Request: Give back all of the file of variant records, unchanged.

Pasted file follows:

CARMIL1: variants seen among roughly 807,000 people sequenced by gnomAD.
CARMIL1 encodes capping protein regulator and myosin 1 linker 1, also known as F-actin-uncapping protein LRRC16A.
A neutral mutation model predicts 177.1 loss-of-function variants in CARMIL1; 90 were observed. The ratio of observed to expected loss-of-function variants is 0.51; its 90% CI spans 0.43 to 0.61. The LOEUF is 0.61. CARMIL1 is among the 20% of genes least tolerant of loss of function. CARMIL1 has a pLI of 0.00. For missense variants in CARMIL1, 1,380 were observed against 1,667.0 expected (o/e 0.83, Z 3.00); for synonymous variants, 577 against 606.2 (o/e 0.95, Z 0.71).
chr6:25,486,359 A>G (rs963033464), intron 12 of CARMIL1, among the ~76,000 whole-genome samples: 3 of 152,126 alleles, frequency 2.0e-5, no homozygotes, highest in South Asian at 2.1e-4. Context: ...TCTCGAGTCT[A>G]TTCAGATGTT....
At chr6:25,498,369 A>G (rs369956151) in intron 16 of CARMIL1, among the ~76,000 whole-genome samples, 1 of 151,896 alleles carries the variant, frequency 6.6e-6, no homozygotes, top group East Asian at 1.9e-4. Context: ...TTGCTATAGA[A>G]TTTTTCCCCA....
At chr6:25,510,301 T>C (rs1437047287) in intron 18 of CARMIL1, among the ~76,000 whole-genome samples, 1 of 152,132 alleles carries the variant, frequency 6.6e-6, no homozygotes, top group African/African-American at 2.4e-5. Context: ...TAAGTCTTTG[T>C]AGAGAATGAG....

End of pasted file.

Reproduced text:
CARMIL1: variants seen among roughly 807,000 people sequenced by gnomAD.
CARMIL1 encodes capping protein regulator and myosin 1 linker 1, also known as F-actin-uncapping protein LRRC16A.
A neutral mutation model predicts 177.1 loss-of-function variants in CARMIL1; 90 were observed. The ratio of observed to expected loss-of-function variants is 0.51; its 90% CI spans 0.43 to 0.61. The LOEUF is 0.61. CARMIL1 is among the 20% of genes least tolerant of loss of function. CARMIL1 has a pLI of 0.00. For missense variants in CARMIL1, 1,380 were observed against 1,667.0 expected (o/e 0.83, Z 3.00); for synonymous variants, 577 against 606.2 (o/e 0.95, Z 0.71).
chr6:25,486,359 A>G (rs963033464), intron 12 of CARMIL1, among the ~76,000 whole-genome samples: 3 of 152,126 alleles, frequency 2.0e-5, no homozygotes, highest in South Asian at 2.1e-4. Context: ...TCTCGAGTCT[A>G]TTCAGATGTT....
At chr6:25,498,369 A>G (rs369956151) in intron 16 of CARMIL1, among the ~76,000 whole-genome samples, 1 of 151,896 alleles carries the variant, frequency 6.6e-6, no homozygotes, top group East Asian at 1.9e-4. Context: ...TTGCTATAGA[A>G]TTTTTCCCCA....
At chr6:25,510,301 T>C (rs1437047287) in intron 18 of CARMIL1, among the ~76,000 whole-genome samples, 1 of 152,132 alleles carries the variant, frequency 6.6e-6, no homozygotes, top group African/African-American at 2.4e-5. Context: ...TAAGTCTTTG[T>C]AGAGAATGAG....